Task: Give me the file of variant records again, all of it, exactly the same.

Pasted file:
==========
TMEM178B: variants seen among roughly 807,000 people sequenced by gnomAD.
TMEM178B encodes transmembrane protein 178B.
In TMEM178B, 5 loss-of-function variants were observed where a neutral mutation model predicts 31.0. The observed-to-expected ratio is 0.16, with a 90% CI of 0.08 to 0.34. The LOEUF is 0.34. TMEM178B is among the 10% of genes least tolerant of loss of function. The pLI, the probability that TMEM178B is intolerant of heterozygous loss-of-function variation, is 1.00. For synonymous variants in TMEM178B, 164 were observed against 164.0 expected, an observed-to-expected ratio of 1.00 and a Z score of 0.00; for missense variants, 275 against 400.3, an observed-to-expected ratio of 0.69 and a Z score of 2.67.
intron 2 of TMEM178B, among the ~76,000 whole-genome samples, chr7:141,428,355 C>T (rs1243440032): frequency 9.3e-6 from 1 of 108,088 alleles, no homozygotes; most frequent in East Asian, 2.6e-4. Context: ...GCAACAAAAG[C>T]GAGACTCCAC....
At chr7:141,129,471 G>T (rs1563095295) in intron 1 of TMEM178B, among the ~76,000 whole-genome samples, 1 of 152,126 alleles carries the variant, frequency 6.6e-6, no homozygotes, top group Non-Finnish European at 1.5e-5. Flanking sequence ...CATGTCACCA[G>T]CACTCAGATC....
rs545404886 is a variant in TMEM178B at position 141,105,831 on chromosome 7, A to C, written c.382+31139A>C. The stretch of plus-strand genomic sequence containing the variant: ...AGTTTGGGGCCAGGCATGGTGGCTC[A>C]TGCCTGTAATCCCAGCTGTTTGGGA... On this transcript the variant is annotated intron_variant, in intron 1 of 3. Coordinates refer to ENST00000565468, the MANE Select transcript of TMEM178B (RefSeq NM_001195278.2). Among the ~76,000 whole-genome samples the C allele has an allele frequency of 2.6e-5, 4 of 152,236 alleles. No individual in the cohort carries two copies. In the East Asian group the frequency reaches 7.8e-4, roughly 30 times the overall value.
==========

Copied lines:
TMEM178B: variants seen among roughly 807,000 people sequenced by gnomAD.
TMEM178B encodes transmembrane protein 178B.
In TMEM178B, 5 loss-of-function variants were observed where a neutral mutation model predicts 31.0. The observed-to-expected ratio is 0.16, with a 90% CI of 0.08 to 0.34. The LOEUF is 0.34. TMEM178B is among the 10% of genes least tolerant of loss of function. The pLI, the probability that TMEM178B is intolerant of heterozygous loss-of-function variation, is 1.00. For synonymous variants in TMEM178B, 164 were observed against 164.0 expected, an observed-to-expected ratio of 1.00 and a Z score of 0.00; for missense variants, 275 against 400.3, an observed-to-expected ratio of 0.69 and a Z score of 2.67.
intron 2 of TMEM178B, among the ~76,000 whole-genome samples, chr7:141,428,355 C>T (rs1243440032): frequency 9.3e-6 from 1 of 108,088 alleles, no homozygotes; most frequent in East Asian, 2.6e-4. Context: ...GCAACAAAAG[C>T]GAGACTCCAC....
At chr7:141,129,471 G>T (rs1563095295) in intron 1 of TMEM178B, among the ~76,000 whole-genome samples, 1 of 152,126 alleles carries the variant, frequency 6.6e-6, no homozygotes, top group Non-Finnish European at 1.5e-5. Flanking sequence ...CATGTCACCA[G>T]CACTCAGATC....
rs545404886 is a variant in TMEM178B at position 141,105,831 on chromosome 7, A to C, written c.382+31139A>C. The stretch of plus-strand genomic sequence containing the variant: ...AGTTTGGGGCCAGGCATGGTGGCTC[A>C]TGCCTGTAATCCCAGCTGTTTGGGA... On this transcript the variant is annotated intron_variant, in intron 1 of 3. Coordinates refer to ENST00000565468, the MANE Select transcript of TMEM178B (RefSeq NM_001195278.2). Among the ~76,000 whole-genome samples the C allele has an allele frequency of 2.6e-5, 4 of 152,236 alleles. No individual in the cohort carries two copies. In the East Asian group the frequency reaches 7.8e-4, roughly 30 times the overall value.